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Vol. 30. Issue 4.
Pages 324-326 (July - August 2024)
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Vol. 30. Issue 4.
Pages 324-326 (July - August 2024)
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Are we overlooking the lung function in the definition of severe asthma remission?
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S. Nolascoa,b, R. Campisib, N. Crimia, C. Crimia,b,
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claudia.crimi@unict.it

Corresponding author.
a Department of Clinical and Experimental Medicine, University of Catania, Catania, Italy
b Respiratory Medicine Unit, Policlinico “G. Rodolico-San Marco” University Hospital, Catania, Italy
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More than a century of research has increased our understanding of the complex immunological pathways underlying asthma airway inflammation.1 The resulting pharmacological advances and the development of monoclonal antibodies have allowed some patients, even those with the most severe form of the disease, to see their symptoms disappear completely.2

The concept of “remission”, which is already established in fields like rheumatology and oncology, has been embraced as an ambitious but achievable therapeutic goal.3 While there is no universally accepted definition of remission yet, several groups of experts3–5 have recently agreed that the remission should be based on a set of clinically relevant composite outcomes (Fig. 1). A fair degree of consensus has been reached about the first three criteria and a specific guide for evaluating treatment response provided; however, this is not the case for the assessment of lung function. Indeed, following a comprehensive literature search, we found that seven definitions have been proposed, but none has achieved wide agreement (Fig. 1).6–18

Fig. 1.

Clinical remission criteria, parameters applied in published studies and proposed lung function decline assessment. This figure is an original one by the authors.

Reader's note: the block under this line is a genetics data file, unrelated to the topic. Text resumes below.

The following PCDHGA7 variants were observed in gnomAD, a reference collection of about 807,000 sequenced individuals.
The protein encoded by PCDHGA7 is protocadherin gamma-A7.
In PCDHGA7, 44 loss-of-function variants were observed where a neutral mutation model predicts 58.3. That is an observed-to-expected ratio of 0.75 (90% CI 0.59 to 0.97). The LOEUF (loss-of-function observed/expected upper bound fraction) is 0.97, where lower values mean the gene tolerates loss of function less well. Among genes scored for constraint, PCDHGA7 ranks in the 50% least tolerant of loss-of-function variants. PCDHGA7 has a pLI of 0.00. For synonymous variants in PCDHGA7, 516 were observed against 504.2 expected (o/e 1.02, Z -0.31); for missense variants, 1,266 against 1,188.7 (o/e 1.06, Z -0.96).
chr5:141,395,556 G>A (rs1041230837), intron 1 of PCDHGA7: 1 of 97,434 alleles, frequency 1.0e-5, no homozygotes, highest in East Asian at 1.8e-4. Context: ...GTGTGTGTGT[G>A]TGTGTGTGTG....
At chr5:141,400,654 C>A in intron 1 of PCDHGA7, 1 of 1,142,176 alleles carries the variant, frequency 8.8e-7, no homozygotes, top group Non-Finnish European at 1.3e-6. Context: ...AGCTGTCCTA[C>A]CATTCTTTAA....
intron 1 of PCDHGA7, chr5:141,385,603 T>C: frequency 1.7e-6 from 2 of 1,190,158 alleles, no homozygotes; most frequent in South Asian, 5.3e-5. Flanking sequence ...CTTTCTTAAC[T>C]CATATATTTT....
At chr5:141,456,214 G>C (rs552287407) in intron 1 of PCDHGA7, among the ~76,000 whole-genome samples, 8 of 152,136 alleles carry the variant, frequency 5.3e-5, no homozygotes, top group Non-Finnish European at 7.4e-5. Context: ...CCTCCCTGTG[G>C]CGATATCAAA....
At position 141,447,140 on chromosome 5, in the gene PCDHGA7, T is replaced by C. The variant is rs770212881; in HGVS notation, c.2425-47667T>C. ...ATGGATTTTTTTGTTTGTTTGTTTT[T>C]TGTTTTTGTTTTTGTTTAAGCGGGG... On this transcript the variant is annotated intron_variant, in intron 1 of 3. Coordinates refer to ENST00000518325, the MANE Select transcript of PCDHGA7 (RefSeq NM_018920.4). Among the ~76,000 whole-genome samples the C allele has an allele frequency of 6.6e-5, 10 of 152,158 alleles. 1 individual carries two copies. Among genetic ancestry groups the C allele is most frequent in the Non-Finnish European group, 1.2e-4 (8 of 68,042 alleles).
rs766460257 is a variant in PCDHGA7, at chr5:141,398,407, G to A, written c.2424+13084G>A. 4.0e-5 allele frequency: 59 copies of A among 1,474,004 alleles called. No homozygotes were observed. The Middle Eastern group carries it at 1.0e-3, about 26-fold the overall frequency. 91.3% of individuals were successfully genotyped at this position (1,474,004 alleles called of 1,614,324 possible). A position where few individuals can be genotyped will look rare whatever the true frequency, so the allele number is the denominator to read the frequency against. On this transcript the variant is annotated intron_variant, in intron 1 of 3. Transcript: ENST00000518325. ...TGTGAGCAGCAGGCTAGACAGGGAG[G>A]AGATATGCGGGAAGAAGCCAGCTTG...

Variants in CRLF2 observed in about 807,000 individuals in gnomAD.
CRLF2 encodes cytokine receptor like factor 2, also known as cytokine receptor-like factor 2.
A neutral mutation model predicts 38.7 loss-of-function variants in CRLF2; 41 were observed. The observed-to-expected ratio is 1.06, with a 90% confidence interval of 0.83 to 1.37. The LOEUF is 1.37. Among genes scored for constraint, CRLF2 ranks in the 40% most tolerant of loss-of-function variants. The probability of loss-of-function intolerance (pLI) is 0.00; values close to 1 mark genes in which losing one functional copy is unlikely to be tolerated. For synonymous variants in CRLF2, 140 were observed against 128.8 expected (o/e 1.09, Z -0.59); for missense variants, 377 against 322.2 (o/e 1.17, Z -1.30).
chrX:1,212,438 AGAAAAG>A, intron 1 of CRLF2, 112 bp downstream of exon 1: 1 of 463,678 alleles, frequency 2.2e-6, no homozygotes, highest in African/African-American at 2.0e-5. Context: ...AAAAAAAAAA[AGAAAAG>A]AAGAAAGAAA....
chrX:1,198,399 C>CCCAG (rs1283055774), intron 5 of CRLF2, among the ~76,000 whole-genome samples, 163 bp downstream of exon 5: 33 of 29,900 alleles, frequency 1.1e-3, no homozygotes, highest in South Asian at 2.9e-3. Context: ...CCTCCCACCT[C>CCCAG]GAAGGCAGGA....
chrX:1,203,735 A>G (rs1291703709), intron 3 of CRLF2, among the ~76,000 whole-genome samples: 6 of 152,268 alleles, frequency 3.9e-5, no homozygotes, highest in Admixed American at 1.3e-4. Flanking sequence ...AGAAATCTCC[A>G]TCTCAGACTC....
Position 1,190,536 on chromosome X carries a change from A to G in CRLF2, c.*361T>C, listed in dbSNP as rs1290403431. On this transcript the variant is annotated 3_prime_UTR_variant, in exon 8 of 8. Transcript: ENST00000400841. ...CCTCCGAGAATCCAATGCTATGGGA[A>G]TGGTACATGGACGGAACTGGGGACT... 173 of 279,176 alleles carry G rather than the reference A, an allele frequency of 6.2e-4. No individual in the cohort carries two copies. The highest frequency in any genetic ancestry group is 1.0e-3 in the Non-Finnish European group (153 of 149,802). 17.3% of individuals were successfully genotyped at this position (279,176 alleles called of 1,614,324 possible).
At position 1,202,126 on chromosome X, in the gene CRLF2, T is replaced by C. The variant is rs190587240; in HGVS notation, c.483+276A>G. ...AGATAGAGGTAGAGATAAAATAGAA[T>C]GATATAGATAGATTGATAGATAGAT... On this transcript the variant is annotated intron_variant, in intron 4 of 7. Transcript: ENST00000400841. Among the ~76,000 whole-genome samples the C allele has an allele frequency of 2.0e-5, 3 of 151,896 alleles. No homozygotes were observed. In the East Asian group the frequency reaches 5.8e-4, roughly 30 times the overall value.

(0.44MB).

This heterogeneity resulted in a lack of consistency within the studies that examined remission attainability, producing results which were hardly comparable as the percentage of patients meeting the criteria ranged from 18.3 %18 to 43.7 %,17 thus hindering the research of response predictors. A possible solution might be to exclude lung function from the definition of remission due to its intrinsic volatility, influenced by various confounding factors, such as ethnicity, age, gender, smoking status, BMI and the use of bronchodilators. Nevertheless, the concepts of normalizing and/or stabilizing respiratory function should be considered. Some patients, especially those with a long history of disease, may meet the first three conditions but fail to improve the forced expiratory volume in the first second (FEV1) due to altered airway architecture secondary to remodeling phenomena.19 Nonetheless, it has been shown that anti-IL-5 therapies can mitigate the lung function decline in severe eosinophilic asthma patients.20 In this context, a desirable outcome would be to prove that the loss of respiratory function aligns with, or significantly approaches, those of healthy subjects (median −22.4 mL/year in FEV1 [range 17.7 to 46.4 mL/year], accelerating for each decade of age).21 Such functional parameters would support a true disease modification and could potentially serve as a surrogate marker of clinical and biological remission. However, this would require a relatively long-term assessment at different time points since two measurements only may not adequately estimate the rate of lung function decline, and the initial improvement in lung function due to biological therapies tend to gradually decrease after 12 months eventually returning to baseline values in some cases22,23; therefore a 24-month lung function monitoring would be desirable. Indeed, if prevention of lung function deterioration was applied in REDES post hoc, after 1 year of anti-IL-5 treatment, 63 % of patients would qualify as having no worsening from baseline in post-bronchodilator FEV1, a percentage that is likely to be inflated by the relatively short observation period.9